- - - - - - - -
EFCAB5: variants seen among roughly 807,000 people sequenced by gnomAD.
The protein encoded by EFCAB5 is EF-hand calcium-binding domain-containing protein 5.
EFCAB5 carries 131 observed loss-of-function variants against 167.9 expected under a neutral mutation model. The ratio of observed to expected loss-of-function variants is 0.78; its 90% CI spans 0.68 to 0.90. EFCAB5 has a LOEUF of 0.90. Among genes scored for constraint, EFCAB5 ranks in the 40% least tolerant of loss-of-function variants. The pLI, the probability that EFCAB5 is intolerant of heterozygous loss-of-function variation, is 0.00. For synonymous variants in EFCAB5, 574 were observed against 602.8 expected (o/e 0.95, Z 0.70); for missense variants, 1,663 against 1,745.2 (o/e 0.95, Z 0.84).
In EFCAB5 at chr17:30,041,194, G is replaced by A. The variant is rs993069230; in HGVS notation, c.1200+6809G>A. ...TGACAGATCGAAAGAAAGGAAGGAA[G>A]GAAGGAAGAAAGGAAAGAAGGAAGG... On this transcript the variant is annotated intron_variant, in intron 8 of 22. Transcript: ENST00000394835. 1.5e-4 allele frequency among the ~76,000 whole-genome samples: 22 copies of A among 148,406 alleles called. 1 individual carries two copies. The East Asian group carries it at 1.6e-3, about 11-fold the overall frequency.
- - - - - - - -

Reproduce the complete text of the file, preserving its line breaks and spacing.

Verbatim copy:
EFCAB5: variants seen among roughly 807,000 people sequenced by gnomAD.
The protein encoded by EFCAB5 is EF-hand calcium-binding domain-containing protein 5.
EFCAB5 carries 131 observed loss-of-function variants against 167.9 expected under a neutral mutation model. The ratio of observed to expected loss-of-function variants is 0.78; its 90% CI spans 0.68 to 0.90. EFCAB5 has a LOEUF of 0.90. Among genes scored for constraint, EFCAB5 ranks in the 40% least tolerant of loss-of-function variants. The pLI, the probability that EFCAB5 is intolerant of heterozygous loss-of-function variation, is 0.00. For synonymous variants in EFCAB5, 574 were observed against 602.8 expected (o/e 0.95, Z 0.70); for missense variants, 1,663 against 1,745.2 (o/e 0.95, Z 0.84).
In EFCAB5 at chr17:30,041,194, G is replaced by A. The variant is rs993069230; in HGVS notation, c.1200+6809G>A. ...TGACAGATCGAAAGAAAGGAAGGAA[G>A]GAAGGAAGAAAGGAAAGAAGGAAGG... On this transcript the variant is annotated intron_variant, in intron 8 of 22. Transcript: ENST00000394835. 1.5e-4 allele frequency among the ~76,000 whole-genome samples: 22 copies of A among 148,406 alleles called. 1 individual carries two copies. The East Asian group carries it at 1.6e-3, about 11-fold the overall frequency.